Travel Mugs shelf above everyday mugs (unless separate shelf available) and ensure containers for lids are accessible
Water Bottles shelf above drinking glasses (unless separate shelf available) again ensure lids are accessible in containers nearby
KIDS: lower cabinet shelf or drawer for accessibility and independence
Plates, bowls, cups, bibs, utensils, bottles
Include small storage bins for accessories such as lids, utensils and more...
FOOD STORAGE: drawer or cabinet near refrigerator and freezer
Plastic ware, plastic wrap, aluminum foil, tupperware, glass pyrex storage, lunch bags
Add storage bins for the plastic lids and jars
UTILITY: furthest drawer
Candles, tools, pens & pencils, and other accessories.
BAKING: cabinet near mixer/oven
Cookie sheets, cookie cutters, muffin tins, baking pans
SMALL APPLIANCES: in a bottom cabinet - easy access
Hand mixer, Ninja blender, slow cooker, blender, Ninja foodie, Instapot can opener, waffle maker, air fryer, stand mixer, popcorn maker
Be sure that there is enough room to access items easily
SERVE WARE: top shelf of higher cabinet
Platters, cake stands, cheese boards, large salad bowls, gravy boats
ZONE 2 SMALL APPLIANCES: live above the fridge or under the bar area with stools, pantry, storage, garage
Bread maker, juicer, deep fryer, pasta maker, spiralizer, meat grinder, egg cooker, george foreman, panini press
ZONE 2 SERVE WARE: credenza/hutch, bar stool side of bar, pantry, storage or garage.
China, Seasonal dishes (Hanukkah candles, long candle sticks), Disposable plastic/partyware, large platters
MEDICINE: high shelf not accessible to small children
Pain relief, muscle rub/balm, ointments, cold and flu, digestive relief, allergy relief, pain relief patches, sunscreen
FIRST AID: doesn't need to be in prime real estate area but needs to be high enough that small children can't access.
Neosporin, bandaids, wraps, kits, gauze, braces, athletic tape, alcohol, hydrogen peroxide
We made a list of our top 5 favorite products that we ALWAYS use in for kitchen storage optimization, even in a small kitchen.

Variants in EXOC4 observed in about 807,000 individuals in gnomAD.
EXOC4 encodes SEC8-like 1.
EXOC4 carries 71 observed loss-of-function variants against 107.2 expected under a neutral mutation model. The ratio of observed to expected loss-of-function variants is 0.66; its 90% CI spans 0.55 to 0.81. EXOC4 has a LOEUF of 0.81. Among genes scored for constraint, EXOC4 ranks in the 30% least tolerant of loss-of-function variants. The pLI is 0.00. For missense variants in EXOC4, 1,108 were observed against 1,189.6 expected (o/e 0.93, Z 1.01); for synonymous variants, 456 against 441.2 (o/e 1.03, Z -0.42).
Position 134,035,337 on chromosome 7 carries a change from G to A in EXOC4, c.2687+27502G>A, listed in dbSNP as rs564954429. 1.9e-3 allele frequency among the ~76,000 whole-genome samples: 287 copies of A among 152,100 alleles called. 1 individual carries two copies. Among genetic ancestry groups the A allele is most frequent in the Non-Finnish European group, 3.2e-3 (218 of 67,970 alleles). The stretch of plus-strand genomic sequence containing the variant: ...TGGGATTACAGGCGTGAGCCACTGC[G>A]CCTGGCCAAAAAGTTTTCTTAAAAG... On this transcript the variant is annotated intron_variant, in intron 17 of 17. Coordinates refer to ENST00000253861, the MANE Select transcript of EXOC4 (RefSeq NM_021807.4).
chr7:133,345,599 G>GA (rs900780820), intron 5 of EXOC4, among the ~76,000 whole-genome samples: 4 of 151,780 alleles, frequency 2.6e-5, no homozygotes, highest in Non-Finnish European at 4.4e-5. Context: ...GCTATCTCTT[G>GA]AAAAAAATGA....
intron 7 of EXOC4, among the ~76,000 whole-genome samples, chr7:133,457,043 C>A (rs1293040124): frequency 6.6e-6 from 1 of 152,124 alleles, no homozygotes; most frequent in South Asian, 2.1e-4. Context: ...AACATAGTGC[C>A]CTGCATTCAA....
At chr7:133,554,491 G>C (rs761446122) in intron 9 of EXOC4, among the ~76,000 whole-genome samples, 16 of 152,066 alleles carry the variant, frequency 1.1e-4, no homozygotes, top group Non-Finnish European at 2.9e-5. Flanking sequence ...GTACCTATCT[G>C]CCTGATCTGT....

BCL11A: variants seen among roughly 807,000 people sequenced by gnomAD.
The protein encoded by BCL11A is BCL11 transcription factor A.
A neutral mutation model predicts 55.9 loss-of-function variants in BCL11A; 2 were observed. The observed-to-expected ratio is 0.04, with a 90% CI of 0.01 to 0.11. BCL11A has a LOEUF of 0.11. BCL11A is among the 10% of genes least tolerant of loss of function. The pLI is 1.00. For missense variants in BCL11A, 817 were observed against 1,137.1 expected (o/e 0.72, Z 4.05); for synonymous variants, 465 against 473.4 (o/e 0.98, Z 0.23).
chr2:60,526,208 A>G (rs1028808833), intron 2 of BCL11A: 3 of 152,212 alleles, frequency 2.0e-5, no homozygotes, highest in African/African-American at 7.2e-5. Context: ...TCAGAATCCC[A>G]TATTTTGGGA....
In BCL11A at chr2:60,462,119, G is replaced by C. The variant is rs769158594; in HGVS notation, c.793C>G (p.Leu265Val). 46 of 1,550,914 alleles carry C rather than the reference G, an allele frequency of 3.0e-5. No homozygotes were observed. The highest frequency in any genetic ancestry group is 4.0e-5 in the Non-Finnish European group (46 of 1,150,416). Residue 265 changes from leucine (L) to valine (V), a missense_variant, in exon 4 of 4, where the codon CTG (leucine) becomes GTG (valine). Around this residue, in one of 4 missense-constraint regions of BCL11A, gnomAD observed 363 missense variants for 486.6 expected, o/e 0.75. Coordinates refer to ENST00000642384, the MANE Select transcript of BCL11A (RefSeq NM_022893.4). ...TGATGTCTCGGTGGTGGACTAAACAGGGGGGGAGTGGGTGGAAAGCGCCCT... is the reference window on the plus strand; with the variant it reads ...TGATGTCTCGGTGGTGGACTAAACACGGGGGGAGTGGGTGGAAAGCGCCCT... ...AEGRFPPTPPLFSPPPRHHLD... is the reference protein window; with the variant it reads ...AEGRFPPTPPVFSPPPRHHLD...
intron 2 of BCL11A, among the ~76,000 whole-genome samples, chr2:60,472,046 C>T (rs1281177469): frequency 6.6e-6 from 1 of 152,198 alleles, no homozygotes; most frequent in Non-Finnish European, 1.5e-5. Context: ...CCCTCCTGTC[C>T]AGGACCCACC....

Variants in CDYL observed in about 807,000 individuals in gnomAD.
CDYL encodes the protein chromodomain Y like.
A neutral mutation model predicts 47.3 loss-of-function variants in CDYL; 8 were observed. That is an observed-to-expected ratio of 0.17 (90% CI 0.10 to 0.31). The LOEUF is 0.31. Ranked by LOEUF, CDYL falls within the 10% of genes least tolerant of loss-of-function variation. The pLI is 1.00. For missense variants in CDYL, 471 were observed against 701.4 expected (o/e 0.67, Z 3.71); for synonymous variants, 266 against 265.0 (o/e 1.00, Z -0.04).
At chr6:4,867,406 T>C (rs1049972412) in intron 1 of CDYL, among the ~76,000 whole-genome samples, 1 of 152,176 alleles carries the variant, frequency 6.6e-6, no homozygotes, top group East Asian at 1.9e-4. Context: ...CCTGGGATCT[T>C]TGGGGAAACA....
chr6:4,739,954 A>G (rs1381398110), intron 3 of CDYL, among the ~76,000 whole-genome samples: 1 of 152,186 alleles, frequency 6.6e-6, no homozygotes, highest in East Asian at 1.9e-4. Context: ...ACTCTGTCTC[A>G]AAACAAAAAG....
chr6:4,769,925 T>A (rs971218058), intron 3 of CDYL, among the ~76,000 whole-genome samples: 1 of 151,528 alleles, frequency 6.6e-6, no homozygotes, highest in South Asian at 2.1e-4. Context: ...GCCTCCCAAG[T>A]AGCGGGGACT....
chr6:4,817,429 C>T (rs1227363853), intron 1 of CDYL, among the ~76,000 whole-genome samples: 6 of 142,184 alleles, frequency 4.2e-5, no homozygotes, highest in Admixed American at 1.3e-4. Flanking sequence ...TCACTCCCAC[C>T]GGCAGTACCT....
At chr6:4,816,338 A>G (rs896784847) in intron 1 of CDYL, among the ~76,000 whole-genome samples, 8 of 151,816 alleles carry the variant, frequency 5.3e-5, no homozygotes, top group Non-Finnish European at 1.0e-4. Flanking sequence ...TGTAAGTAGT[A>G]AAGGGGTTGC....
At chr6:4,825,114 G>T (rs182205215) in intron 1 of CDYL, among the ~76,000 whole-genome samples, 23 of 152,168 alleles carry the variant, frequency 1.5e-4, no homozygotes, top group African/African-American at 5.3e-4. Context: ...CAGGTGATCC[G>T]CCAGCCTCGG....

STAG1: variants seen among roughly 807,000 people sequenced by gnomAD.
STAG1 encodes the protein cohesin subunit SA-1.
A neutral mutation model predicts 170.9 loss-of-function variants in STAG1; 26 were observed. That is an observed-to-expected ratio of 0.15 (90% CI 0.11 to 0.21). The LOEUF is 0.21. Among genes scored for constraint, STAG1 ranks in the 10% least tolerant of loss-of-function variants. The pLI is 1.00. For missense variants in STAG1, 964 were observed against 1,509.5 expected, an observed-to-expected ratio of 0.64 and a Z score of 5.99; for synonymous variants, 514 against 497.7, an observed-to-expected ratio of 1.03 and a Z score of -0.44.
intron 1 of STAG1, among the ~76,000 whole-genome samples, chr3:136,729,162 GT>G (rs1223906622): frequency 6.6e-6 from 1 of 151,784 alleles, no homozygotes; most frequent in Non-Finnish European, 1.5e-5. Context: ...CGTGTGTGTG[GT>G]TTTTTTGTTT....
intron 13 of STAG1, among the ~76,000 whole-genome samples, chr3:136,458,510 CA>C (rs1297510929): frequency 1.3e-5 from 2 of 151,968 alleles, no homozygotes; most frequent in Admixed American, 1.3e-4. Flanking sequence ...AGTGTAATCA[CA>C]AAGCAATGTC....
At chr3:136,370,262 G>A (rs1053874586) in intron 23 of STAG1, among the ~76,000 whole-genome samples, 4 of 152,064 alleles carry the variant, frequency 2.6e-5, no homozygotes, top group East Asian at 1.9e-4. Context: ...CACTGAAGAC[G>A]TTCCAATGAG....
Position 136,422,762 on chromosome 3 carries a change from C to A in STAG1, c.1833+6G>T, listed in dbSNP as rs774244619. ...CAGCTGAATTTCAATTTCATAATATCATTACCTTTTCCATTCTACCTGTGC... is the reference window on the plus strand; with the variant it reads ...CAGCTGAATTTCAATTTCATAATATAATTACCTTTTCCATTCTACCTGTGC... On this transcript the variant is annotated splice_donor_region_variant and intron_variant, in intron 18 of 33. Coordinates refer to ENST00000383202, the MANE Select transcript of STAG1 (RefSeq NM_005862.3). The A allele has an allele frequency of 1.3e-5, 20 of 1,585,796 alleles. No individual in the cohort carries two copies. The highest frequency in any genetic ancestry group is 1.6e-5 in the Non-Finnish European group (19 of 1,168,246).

EXPANDABLE SILVERWARE INSERT
Silverware gets used every day and probably multiple times a day for everyone. But despite its frequent use, I would say most, if not all, people maintain it. This is an organization tactic that I think everyone has adopted - so hey, you CAN say you’re organized! This specific drawer organizer is one I recommend however because it expands to fit the drawer and allows for other utensils like straws and chopsticks to prevent getting lost alongside the forks, spoons and knives.
EXPANDABLE DRAWER DIVIDER
LOVE THESE! We use them for the kitchen gadgets, serving utensils, large kitchen utensils and anything else that needs just a little extra separation. They expand to fit most drawers and you can use multiple in each drawer depending on the boundaries you need to make.
3 TIER SPICE SHELF
Just like the lazy susan, the 3 tiered shelf gives you more visibility and easier access to the items that get lost in the way back. So you can finally use the canned goods before they expire. it stand out
CABINET ORGANIZERS SUCH AS A LAZY SUSAN OR TURNTABLE
We use these for corners, small shelves and anything that gets lost in the back. Lazy susan’s or turntables allow for EASY ACCESS to EVERYTHING instead of the few items in the front.
PAN AND LID RACK
Finally, the pan and lid rack. Wanna hear an organizer’s secret? Store items vertically! It saves space and hassle when you're trying to get one of the items from the middle or bottom of the pile. You can use this for cookie sheets and casserole dishes too! it stand out
Labels give people a clear understanding of what belongs in each home created. And hopefully people respect the boundaries set and are no longer putting oven mitts with the mugs.
And of course, there is always the option of hiring a professional kitchen organizer but in case you want to try this on your own, we hope these organization tips help the process.
JUNE 13, 2022